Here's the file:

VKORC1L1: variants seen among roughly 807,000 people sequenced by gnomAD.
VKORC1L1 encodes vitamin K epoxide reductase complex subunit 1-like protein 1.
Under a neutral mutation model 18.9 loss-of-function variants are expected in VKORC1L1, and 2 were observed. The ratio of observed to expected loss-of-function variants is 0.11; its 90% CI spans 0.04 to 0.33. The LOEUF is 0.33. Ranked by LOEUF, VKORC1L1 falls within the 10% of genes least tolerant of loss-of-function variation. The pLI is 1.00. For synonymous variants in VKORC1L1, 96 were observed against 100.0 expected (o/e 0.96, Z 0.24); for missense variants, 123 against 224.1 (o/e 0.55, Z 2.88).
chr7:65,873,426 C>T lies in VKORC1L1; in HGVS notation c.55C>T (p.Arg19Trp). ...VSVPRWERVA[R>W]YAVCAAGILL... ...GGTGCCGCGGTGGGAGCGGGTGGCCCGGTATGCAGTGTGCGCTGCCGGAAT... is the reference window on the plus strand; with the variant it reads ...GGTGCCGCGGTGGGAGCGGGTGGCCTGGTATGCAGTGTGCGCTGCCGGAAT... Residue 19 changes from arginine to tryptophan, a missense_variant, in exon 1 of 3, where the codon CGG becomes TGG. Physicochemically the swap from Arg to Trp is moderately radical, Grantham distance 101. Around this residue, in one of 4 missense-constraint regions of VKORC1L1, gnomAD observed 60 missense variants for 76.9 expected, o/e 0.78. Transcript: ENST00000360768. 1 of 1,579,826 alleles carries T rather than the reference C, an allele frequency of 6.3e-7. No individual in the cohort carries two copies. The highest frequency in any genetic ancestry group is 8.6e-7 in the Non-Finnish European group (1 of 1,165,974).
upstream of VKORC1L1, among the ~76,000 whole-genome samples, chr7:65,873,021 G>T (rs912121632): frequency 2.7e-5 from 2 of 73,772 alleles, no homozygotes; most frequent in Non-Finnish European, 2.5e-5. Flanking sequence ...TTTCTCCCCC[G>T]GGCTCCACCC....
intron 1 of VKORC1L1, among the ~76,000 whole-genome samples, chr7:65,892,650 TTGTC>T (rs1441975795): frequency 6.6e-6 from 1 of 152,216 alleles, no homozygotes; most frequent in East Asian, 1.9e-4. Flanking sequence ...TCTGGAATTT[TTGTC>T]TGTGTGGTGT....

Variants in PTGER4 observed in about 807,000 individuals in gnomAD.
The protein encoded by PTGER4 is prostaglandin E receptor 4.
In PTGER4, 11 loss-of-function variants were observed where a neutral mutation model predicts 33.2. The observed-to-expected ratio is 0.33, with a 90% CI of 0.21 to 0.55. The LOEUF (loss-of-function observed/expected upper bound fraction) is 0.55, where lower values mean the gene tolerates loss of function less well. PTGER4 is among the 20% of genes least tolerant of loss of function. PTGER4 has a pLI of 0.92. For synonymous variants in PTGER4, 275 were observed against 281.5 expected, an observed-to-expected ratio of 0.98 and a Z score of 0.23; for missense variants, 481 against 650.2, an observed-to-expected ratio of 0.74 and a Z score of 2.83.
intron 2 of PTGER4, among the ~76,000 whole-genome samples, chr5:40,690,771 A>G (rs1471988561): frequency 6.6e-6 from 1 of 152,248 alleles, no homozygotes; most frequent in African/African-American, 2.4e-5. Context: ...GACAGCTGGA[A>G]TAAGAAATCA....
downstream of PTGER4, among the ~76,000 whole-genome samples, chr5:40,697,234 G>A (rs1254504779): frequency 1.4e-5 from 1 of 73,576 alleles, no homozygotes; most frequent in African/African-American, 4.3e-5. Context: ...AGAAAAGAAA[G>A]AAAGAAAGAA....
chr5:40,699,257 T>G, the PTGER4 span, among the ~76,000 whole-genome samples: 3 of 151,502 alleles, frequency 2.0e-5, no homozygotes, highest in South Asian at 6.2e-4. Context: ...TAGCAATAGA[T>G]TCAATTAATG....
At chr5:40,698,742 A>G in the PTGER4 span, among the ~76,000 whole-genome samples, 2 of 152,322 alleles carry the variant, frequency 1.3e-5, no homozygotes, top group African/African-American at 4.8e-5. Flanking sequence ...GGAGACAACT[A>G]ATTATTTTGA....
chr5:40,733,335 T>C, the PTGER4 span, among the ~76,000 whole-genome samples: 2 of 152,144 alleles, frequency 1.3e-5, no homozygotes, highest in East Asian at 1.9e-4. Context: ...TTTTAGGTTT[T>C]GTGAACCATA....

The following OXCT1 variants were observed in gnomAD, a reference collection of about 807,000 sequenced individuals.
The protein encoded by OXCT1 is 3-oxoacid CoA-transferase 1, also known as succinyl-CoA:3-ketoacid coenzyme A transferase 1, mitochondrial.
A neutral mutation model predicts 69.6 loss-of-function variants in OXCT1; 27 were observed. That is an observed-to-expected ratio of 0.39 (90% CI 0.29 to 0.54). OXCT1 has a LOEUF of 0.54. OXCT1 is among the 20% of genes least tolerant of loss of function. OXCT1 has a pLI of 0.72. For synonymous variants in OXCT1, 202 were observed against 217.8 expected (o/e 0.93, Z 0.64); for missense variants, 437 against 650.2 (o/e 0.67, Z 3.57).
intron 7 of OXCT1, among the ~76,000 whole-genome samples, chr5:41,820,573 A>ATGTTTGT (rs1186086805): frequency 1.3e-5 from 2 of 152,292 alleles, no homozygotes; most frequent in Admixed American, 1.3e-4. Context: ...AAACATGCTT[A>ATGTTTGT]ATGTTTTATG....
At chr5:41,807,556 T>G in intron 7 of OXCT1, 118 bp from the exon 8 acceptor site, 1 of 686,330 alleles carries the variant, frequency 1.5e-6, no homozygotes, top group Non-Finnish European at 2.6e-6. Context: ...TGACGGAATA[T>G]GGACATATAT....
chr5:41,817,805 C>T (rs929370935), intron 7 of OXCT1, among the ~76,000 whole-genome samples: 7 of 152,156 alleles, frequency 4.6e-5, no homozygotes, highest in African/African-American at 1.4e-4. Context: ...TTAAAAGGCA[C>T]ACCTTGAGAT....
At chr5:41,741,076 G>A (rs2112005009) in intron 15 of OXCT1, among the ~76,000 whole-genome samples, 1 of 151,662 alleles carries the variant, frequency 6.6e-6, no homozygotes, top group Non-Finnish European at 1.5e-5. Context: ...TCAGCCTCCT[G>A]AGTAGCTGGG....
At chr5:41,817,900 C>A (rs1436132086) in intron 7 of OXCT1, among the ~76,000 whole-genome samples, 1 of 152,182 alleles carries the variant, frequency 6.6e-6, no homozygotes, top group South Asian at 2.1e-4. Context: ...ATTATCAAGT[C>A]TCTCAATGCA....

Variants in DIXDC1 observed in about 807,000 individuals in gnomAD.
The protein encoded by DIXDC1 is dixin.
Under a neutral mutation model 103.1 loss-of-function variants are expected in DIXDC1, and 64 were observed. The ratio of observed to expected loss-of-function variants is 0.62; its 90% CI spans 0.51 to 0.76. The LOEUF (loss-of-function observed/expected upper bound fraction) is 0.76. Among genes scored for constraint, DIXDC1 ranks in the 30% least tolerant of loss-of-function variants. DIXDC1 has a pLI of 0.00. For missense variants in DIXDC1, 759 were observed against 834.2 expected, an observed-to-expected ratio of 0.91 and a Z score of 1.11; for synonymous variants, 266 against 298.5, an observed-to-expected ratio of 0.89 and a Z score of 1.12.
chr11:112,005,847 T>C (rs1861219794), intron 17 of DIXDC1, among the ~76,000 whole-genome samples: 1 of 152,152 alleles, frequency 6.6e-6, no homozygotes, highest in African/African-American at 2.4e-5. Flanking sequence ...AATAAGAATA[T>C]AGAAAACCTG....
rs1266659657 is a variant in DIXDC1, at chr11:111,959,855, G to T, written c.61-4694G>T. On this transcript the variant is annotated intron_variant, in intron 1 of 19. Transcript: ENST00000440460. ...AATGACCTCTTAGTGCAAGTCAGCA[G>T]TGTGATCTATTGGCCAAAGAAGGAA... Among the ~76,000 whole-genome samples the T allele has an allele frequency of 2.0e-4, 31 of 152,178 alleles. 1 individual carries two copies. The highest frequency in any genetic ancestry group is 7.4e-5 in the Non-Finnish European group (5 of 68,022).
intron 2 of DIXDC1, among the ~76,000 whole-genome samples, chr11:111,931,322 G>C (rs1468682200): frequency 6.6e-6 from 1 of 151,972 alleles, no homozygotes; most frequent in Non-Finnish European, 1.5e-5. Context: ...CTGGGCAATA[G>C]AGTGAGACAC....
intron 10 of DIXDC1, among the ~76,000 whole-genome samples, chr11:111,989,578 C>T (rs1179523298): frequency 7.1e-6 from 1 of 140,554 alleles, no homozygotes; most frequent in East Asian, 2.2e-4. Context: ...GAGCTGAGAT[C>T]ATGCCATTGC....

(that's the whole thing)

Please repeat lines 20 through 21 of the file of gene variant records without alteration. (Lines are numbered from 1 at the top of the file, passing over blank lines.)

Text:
chr5:41,817,805 C>T (rs929370935), intron 7 of OXCT1, among the ~76,000 whole-genome samples: 7 of 152,156 alleles, frequency 4.6e-5, no homozygotes, highest in African/African-American at 1.4e-4. Context: ...TTAAAAGGCA[C>T]ACCTTGAGAT....
At chr5:41,741,076 G>A (rs2112005009) in intron 15 of OXCT1, among the ~76,000 whole-genome samples, 1 of 151,662 alleles carries the variant, frequency 6.6e-6, no homozygotes, top group Non-Finnish European at 1.5e-5. Context: ...TCAGCCTCCT[G>A]AGTAGCTGGG....